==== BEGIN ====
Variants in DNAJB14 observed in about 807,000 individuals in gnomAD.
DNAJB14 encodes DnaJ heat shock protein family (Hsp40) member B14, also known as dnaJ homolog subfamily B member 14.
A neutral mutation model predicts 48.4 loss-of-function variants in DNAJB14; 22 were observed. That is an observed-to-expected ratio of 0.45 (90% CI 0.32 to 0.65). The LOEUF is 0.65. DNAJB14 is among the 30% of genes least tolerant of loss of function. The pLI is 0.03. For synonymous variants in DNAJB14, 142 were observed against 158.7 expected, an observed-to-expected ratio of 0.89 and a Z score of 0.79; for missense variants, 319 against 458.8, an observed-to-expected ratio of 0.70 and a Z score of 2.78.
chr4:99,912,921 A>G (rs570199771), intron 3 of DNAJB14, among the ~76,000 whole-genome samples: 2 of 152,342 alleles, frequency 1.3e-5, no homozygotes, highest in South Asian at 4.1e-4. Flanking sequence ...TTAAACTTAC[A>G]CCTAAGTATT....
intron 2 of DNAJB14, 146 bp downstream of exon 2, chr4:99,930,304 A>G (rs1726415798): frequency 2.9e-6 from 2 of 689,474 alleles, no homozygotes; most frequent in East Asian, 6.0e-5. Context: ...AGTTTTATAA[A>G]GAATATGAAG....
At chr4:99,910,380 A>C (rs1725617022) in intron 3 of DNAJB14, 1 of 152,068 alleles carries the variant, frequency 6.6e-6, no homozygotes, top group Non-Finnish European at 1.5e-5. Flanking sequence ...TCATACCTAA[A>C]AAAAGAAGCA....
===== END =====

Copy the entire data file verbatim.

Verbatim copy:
Variants in DNAJB14 observed in about 807,000 individuals in gnomAD.
DNAJB14 encodes DnaJ heat shock protein family (Hsp40) member B14, also known as dnaJ homolog subfamily B member 14.
A neutral mutation model predicts 48.4 loss-of-function variants in DNAJB14; 22 were observed. That is an observed-to-expected ratio of 0.45 (90% CI 0.32 to 0.65). The LOEUF is 0.65. DNAJB14 is among the 30% of genes least tolerant of loss of function. The pLI is 0.03. For synonymous variants in DNAJB14, 142 were observed against 158.7 expected, an observed-to-expected ratio of 0.89 and a Z score of 0.79; for missense variants, 319 against 458.8, an observed-to-expected ratio of 0.70 and a Z score of 2.78.
chr4:99,912,921 A>G (rs570199771), intron 3 of DNAJB14, among the ~76,000 whole-genome samples: 2 of 152,342 alleles, frequency 1.3e-5, no homozygotes, highest in South Asian at 4.1e-4. Flanking sequence ...TTAAACTTAC[A>G]CCTAAGTATT....
intron 2 of DNAJB14, 146 bp downstream of exon 2, chr4:99,930,304 A>G (rs1726415798): frequency 2.9e-6 from 2 of 689,474 alleles, no homozygotes; most frequent in East Asian, 6.0e-5. Context: ...AGTTTTATAA[A>G]GAATATGAAG....
At chr4:99,910,380 A>C (rs1725617022) in intron 3 of DNAJB14, 1 of 152,068 alleles carries the variant, frequency 6.6e-6, no homozygotes, top group Non-Finnish European at 1.5e-5. Flanking sequence ...TCATACCTAA[A>C]AAAAGAAGCA....